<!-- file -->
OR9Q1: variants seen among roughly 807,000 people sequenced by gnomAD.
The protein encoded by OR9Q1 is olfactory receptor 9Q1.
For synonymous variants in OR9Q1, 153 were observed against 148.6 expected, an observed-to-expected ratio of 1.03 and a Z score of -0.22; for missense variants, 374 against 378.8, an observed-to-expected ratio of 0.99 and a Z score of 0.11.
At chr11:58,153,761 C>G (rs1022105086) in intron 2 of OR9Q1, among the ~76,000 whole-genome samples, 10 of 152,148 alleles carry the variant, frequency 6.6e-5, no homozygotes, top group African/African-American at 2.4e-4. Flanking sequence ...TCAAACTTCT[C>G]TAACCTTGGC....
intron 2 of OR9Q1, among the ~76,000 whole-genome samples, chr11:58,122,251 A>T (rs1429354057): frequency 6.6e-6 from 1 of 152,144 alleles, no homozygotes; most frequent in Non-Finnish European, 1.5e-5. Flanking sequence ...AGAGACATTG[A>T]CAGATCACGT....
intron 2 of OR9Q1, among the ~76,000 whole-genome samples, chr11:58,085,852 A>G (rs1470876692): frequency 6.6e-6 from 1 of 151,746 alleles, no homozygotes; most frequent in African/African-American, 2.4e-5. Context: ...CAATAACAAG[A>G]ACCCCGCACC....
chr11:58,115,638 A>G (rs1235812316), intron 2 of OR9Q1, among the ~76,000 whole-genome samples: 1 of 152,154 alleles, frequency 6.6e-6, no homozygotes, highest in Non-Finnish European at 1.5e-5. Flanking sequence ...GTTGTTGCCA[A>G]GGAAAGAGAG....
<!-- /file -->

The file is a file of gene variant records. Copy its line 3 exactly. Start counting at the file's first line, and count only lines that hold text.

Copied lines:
For synonymous variants in OR9Q1, 153 were observed against 148.6 expected, an observed-to-expected ratio of 1.03 and a Z score of -0.22; for missense variants, 374 against 378.8, an observed-to-expected ratio of 0.99 and a Z score of 0.11.